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You Share Brainwaves with Your Best Friend

It is well established that people form friendships based on shared similarities, hence the saying, “birds of a feather flock together.”

But, recent research by Drs. Carolyn Parkinson, Adam Kleinbaum, and Thalia Wheatley takes the connection between friends a step further. Specifically, they used functional magnetic resonance imaging (fMRI) to scan subjects’ brains while they watched a series of short videos. Summarized nicely in this NY Times article, they found that the brains of close friends respond similarly as they view the videos: “the same ebbs and swells of attention and distraction, the same peaking of reward processing here, boredom alerts there.” In other words, friends’ brains responded in remarkably similar ways.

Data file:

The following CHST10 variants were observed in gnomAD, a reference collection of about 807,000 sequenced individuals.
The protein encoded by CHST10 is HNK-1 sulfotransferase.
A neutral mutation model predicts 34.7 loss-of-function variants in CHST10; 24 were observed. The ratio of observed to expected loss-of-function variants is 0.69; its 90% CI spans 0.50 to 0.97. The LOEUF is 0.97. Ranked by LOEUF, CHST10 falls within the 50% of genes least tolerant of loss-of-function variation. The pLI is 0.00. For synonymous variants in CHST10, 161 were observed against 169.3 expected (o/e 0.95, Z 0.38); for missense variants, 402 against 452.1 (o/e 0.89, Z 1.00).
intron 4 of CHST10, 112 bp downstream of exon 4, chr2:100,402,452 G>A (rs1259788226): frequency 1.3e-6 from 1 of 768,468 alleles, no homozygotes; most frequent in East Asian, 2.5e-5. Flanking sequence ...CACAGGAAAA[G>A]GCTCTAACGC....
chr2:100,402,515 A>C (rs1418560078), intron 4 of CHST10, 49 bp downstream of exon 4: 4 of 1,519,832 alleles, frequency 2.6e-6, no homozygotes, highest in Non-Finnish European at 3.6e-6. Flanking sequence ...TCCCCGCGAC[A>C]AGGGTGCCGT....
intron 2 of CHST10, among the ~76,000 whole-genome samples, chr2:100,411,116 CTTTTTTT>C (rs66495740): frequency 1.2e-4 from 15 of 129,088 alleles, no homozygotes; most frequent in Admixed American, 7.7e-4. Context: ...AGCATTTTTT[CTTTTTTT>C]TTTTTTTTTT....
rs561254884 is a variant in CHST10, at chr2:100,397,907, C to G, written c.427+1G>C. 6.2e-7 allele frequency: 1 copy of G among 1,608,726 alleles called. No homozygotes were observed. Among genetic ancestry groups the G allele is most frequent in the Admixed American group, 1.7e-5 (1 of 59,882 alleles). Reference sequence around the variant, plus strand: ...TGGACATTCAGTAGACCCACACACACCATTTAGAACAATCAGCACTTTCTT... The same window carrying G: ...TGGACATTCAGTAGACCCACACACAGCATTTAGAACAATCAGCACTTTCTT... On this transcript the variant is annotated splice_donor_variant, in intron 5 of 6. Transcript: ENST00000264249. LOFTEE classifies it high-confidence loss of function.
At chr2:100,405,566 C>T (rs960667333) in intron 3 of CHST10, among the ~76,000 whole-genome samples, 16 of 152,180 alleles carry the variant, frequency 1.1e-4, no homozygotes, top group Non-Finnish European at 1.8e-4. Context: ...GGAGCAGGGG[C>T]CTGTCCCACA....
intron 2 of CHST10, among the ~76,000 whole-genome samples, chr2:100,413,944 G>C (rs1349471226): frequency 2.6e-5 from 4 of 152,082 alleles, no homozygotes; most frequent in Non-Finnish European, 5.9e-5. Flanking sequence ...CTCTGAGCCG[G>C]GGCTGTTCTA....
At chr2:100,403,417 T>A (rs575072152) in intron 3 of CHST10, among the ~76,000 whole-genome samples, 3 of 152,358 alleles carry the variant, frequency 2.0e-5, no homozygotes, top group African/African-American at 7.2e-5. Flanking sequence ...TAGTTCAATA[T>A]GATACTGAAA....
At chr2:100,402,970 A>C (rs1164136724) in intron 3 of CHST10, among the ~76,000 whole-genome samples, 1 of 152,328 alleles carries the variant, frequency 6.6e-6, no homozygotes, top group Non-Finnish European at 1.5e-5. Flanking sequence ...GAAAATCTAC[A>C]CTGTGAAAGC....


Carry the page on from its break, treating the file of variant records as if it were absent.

Dr. Parkinson explains these findings, stating: “Our results suggest that friends might be similar in how they pay attention to and process the world around them...That shared processing could make people click more easily and have the sort of seamless social interaction that can feel so rewarding.”

So, the roots of friendship extend even deeper than previously suspected, suggesting that friends have “an ineffable shared reality.”

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